• Our faith, love, and hope are in the Lord Jesus Christ. The object of our affection often determines the focus of our lives.

For we know, brothers and sisters loved by God, that he has chosen you, because our gospel came to you not simply with words but also with power, with the Holy Spirit and deep conviction. You know how we lived among you for your sake.

  • Within the context of this letter, Paul’s primary objective is not to expound theologically upon God’s election, but use it as a tool to promote encouragement and a since of genuine belonging. Romans 9 deals with the topic theologically.
  • APP: to be chosen means we are “loved by God”.
  • In verse 5, Paul addressed the question, “How do we know that verse 4 is true for us?” Paul’s answer, in short, you believed the gospel.
  • QUES: What causes someone to hear and respond to the gospel of Christ?
  • And even if our gospel is veiled, it is veiled to those who are perishing. The god of this age has blinded the minds of unbelievers, so that they cannot see the light of the gospel that displays the glory of Christ, who is the image of God. For what we preach is not ourselves, but Jesus Christ as Lord, and ourselves as your servants for Jesus’ sake. For God, who said, “Let light shine out of darkness,” made his light shine in our hearts to give us the light of the knowledge of God’s glory displayed in the face of Christ. (2 Cor. 4.3-6)
  • 35 Then Jesus declared, “I am the bread of life. Whoever comes to me will never go hungry, and whoever believes in me will never be thirsty. 36 But as I told you, you have seen me and still you do not believe. 37 All those the Father gives me will come to me, and whoever comes to me I will never drive away. 38 For I have come down from heaven not to do my will but to do the will of him who sent me. 39 And this is the will of him who sent me, that I shall lose none of all those he has given me, but raise them up at the last day. 40 For my Father’s will is that everyone who looks to the Son and believes in him shall have eternal life, and I will raise them up at the last day.” 41 At this the Jews there began to grumble about him because he said, “I am the bread that came down from heaven.” 42 They said, “Is this not Jesus, the son of Joseph, whose father and mother we know? How can he now say, ‘I came down from heaven’?” 43 “Stop grumbling among yourselves,” Jesus answered. 44 “No one can come to me unless the Father who sent me draws them, and I will raise them up at the last day. (John 6.35-40)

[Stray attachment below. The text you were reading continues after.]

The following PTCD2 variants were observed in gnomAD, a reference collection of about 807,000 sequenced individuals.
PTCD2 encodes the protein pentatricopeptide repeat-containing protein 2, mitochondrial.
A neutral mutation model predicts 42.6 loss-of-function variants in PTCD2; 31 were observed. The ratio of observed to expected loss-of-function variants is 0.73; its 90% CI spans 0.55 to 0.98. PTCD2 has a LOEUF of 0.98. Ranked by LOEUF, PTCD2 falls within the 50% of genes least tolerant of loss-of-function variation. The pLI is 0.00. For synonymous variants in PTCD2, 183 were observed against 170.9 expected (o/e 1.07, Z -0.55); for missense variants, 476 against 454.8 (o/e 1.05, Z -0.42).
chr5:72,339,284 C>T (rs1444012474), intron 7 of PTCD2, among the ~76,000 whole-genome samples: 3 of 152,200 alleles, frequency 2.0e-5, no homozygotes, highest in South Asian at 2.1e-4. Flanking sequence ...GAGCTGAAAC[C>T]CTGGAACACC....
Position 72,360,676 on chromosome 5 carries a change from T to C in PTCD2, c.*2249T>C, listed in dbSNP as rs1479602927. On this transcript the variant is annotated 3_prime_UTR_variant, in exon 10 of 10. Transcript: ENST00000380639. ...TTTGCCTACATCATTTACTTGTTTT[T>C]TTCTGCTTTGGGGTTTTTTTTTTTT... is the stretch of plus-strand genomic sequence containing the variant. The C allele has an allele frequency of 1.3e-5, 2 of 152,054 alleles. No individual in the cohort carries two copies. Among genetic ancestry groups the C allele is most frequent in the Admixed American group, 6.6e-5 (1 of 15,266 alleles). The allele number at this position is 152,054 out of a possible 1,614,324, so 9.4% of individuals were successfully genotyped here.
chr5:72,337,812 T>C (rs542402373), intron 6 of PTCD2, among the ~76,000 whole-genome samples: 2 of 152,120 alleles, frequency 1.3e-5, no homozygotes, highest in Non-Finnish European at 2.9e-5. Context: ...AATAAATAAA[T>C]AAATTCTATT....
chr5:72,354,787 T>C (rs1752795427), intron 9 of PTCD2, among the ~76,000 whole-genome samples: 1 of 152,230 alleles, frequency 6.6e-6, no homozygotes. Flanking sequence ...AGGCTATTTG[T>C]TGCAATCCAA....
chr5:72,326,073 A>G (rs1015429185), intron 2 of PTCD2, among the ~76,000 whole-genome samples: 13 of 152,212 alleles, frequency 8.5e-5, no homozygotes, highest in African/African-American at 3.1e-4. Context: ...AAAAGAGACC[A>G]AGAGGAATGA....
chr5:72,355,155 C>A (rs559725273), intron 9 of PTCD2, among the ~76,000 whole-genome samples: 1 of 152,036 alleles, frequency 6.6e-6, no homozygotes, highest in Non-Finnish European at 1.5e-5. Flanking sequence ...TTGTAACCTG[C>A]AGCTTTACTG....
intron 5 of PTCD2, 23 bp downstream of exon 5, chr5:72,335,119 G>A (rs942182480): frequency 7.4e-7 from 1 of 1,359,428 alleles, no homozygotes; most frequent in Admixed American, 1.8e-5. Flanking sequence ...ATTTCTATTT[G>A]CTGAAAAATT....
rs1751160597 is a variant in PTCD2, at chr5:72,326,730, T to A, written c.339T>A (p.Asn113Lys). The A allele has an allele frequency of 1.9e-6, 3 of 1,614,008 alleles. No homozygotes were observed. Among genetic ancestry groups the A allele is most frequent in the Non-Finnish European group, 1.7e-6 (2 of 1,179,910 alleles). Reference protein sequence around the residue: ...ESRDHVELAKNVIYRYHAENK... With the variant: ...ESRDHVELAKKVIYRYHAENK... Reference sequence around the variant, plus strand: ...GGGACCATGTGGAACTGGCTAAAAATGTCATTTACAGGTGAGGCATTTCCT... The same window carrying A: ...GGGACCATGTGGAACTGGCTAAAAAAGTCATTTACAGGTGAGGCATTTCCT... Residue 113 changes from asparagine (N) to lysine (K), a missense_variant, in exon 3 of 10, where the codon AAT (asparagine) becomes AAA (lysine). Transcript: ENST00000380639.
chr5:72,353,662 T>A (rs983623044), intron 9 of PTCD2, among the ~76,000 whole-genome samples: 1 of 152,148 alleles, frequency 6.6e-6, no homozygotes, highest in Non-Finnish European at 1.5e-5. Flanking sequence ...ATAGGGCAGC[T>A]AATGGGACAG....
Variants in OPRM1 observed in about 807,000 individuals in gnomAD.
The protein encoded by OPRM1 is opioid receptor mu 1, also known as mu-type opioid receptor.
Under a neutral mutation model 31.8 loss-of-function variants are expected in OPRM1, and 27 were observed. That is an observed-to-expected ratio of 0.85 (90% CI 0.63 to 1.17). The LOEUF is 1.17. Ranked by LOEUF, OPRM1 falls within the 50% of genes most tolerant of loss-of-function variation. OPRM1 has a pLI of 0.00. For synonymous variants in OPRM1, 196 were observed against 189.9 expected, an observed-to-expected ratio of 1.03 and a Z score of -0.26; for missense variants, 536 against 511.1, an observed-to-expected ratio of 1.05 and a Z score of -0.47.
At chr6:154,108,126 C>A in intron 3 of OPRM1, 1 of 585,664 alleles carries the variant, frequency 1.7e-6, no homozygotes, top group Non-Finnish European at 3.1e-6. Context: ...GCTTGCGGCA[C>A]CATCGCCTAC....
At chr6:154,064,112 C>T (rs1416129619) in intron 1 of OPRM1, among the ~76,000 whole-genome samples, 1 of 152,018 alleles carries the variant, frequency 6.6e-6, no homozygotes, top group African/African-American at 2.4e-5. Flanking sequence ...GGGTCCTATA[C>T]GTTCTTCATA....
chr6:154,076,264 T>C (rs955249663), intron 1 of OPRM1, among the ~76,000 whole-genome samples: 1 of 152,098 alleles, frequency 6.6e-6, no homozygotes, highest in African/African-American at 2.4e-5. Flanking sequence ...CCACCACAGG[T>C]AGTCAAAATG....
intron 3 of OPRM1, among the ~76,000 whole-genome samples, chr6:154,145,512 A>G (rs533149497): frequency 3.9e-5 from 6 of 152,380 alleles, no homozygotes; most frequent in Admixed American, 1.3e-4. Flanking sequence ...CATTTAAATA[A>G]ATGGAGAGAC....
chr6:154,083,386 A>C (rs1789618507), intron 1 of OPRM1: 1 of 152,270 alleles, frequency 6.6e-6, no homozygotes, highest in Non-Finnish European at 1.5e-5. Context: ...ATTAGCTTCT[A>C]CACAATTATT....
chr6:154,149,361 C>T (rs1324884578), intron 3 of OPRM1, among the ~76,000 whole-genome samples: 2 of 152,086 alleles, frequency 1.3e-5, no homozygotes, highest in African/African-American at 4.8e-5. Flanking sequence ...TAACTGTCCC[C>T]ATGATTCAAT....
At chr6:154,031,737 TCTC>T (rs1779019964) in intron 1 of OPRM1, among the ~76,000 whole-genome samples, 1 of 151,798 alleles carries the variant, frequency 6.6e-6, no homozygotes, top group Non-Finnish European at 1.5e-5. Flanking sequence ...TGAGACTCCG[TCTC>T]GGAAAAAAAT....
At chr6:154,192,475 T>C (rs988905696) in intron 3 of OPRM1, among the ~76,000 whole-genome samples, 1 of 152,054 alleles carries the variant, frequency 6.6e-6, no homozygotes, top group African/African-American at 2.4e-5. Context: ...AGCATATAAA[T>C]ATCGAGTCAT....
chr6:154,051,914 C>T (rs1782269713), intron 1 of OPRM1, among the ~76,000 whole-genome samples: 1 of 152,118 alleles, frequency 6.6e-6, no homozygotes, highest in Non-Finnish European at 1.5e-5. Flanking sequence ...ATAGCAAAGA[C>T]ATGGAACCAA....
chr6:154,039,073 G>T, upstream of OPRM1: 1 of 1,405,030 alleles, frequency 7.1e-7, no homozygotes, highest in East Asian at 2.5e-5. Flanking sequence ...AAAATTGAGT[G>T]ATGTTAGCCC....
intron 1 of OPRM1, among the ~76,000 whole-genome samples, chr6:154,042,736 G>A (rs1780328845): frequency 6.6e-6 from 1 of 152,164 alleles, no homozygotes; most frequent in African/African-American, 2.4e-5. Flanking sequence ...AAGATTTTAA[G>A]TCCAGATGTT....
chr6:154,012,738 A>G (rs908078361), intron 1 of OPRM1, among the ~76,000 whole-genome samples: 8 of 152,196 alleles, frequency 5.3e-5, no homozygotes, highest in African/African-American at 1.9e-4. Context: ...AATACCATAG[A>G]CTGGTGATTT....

• Paul’s argument is that the gospel words they spoke were empowered by the Spirit, which resulted in conviction of sin, resulting in trust in Christ. Paul has experiential knowledge of this from past experience (“For we know” v4).

You became imitators of us and of the Lord, for you welcomed the message in the midst of severe suffering with the joy given by the Holy Spirit.

  • Adding further assurance, the Thessalonians believed and lived out their faith within a hostile context.
  • “Conviction is invisible without action.” – D. Michael Martin. NAC: 1 Thessalonians. p. 59.
  • Paul gives us all great advice here. Find someone in the faith who is further along than you, make sure they love the Lord, and do what they do.
  • The only plausible explanation for joy in the midst of persecution is the super natural working by the Spirit.